The silver lining in the study was that although organic produce is less likely to be contaminated with pesticide residue, very little produce in the analyzed studies – whether organically or conventionally grown – were at risk for exceeding maximum pesticide residue limits.

If the higher cost of organic produce and the wash on their nutrient content still hasn’t put you off of purchasing organic, you’re not alone. According to the Organic Trade Association, U.S. sales of organic foods – which are sometimes double the price of their conventionally grown counterparts - increased from $1 billion in 1990 to almost $27 billion in 2010.

So don’t count organic foods out just yet, and to be fair, at least the study didn’t prove organics are less healthy! Organically grown fruits and vegetables are still better for our environment – and as a matter of personal opinion, they simply taste better.

If you find yourself on the fence when it comes to purchasing organic foods – check out the Environmental Working Group’s suggested shopping guide of which fruits and vegetables to buy organic and which ones you might not need to worry about.

How do you spell fat? M-I-S-S-I-S-S-I-P-P-I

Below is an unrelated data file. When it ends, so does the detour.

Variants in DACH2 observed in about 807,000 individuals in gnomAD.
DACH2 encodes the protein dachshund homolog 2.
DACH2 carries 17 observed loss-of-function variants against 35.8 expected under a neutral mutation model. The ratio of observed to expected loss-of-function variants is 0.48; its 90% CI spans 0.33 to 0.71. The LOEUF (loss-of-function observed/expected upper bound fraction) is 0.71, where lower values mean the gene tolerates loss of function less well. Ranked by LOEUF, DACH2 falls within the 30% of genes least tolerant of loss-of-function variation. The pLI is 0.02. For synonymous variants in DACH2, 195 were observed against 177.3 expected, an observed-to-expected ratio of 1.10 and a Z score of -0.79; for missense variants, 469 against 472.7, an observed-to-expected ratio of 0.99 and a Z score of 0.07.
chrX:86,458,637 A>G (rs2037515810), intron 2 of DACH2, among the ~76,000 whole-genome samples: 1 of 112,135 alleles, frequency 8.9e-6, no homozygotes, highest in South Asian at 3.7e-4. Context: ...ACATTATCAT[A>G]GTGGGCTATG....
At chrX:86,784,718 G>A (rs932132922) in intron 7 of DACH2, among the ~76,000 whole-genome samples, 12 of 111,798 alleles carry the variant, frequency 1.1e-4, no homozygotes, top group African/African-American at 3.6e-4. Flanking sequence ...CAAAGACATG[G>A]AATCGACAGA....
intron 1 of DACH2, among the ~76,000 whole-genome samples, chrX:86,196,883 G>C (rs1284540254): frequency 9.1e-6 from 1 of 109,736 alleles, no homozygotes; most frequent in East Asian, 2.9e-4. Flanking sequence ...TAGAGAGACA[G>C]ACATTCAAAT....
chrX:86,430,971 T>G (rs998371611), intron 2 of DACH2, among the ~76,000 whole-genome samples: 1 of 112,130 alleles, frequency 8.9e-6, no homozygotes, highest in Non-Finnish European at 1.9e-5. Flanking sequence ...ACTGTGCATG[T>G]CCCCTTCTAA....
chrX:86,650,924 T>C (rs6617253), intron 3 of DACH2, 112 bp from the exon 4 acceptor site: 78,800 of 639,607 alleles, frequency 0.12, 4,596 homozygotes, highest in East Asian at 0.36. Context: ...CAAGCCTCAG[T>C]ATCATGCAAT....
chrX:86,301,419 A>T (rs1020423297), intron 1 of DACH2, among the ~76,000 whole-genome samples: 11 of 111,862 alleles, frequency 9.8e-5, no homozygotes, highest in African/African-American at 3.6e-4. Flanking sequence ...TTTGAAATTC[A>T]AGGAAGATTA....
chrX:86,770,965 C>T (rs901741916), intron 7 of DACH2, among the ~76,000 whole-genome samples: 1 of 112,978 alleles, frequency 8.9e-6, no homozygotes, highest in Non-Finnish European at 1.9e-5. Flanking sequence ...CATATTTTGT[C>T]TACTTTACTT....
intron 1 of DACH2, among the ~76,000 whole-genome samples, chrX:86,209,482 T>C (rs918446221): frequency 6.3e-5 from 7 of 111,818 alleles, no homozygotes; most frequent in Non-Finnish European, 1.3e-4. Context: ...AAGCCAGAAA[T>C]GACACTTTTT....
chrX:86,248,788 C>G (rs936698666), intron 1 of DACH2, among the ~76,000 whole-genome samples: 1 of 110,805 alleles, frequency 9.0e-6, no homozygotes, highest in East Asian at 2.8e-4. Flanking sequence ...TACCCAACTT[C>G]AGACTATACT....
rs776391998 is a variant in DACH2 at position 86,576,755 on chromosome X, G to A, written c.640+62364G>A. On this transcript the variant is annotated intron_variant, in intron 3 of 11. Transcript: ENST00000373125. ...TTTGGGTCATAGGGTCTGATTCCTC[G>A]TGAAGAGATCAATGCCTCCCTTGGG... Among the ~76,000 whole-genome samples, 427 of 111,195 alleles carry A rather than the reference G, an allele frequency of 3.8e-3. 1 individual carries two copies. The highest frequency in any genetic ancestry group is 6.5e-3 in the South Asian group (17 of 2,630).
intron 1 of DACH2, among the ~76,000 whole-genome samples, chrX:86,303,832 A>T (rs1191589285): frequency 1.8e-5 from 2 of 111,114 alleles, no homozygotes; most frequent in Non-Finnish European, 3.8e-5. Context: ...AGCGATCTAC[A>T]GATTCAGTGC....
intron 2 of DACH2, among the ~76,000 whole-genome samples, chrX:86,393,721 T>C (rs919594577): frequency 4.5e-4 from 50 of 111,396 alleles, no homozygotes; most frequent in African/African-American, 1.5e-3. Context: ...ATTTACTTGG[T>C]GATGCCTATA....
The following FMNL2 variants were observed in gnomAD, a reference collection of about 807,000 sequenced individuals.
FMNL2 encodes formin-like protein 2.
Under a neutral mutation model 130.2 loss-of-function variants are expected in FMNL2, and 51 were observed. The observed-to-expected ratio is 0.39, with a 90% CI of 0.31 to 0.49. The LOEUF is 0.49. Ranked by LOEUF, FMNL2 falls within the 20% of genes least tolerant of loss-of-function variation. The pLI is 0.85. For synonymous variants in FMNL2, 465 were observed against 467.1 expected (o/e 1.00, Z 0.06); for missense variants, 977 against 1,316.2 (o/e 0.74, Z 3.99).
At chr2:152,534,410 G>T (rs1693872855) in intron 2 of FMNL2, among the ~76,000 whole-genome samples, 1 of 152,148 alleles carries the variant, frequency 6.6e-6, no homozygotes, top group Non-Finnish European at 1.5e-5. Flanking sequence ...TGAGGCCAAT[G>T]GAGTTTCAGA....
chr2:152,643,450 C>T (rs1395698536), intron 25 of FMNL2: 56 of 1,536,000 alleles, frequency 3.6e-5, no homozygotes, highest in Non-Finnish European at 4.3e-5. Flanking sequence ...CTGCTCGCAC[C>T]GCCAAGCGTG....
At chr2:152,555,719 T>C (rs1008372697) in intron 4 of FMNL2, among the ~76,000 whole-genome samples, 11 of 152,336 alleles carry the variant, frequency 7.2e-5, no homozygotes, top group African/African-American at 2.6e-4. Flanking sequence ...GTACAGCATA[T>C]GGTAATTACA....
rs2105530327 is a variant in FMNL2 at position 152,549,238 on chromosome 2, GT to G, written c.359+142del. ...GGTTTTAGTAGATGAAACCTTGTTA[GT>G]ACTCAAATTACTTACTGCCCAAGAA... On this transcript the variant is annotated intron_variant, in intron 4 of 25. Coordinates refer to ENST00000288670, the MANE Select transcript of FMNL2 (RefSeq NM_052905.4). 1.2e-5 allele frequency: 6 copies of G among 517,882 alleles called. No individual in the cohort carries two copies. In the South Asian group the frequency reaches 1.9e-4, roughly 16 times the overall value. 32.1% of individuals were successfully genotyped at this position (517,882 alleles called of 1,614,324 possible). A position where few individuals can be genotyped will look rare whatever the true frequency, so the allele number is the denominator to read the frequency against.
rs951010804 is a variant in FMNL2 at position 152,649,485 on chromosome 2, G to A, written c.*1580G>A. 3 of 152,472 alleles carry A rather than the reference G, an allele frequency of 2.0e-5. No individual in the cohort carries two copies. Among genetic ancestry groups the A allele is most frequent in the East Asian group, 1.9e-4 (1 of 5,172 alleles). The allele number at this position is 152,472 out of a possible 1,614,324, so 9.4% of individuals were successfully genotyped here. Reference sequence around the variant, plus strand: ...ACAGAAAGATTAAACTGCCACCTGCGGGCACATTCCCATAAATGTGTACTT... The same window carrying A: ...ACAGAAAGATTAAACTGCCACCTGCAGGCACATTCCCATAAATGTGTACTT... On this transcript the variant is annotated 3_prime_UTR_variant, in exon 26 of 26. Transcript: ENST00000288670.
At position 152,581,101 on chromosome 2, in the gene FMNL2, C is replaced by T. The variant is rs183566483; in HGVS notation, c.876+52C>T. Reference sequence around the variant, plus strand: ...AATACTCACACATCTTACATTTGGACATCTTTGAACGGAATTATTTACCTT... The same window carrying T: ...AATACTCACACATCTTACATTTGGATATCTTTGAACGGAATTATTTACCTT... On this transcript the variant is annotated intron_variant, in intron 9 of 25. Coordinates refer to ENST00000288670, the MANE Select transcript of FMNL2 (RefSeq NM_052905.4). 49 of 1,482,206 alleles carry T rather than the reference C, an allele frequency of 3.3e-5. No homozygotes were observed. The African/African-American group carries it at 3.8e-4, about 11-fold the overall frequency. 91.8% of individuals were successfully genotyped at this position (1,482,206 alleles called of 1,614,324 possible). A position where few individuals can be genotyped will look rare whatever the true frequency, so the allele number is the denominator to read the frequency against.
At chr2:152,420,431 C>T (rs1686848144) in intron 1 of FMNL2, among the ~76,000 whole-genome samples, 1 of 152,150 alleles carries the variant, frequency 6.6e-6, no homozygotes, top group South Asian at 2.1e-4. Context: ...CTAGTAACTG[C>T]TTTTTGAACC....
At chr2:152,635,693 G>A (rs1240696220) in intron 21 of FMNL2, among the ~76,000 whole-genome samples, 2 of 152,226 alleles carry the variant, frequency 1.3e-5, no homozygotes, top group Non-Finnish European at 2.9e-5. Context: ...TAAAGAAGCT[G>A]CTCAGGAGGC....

14 Aug

How do you spell fat? M-I-S-S-I-S-S-I-P-P-I

The results are in: Mississippi keeps the crown as the country’s fattest state.

The Centers for Disease Control has just released its 2011 state-by-state obesity data statistics. Obesity is defined as a BMI of greater than or equal to 30 – or being roughly 30 pounds overweight for a 5’4″ tall person.

Mississippi comes in first with 34.9% of the state’s population packing a BMI of ≥ 30. The slimmest state is Colorado with “only” 20.7% of its residents being obese.

In this year’s tabulation, no state had an obesity prevalence of < 20%. Compare that to 20 years ago when no states reported more than 20% obesity rate.

Who’s next in line? The four most obese states after Mississippi are:

  • Louisiana (33.4%)
  • West Virginia (32.4%)
  • Alabama (32%)
  • Michigan (31.3%)

When it comes to keepin’ it tight, after Colorado, the least obese states are: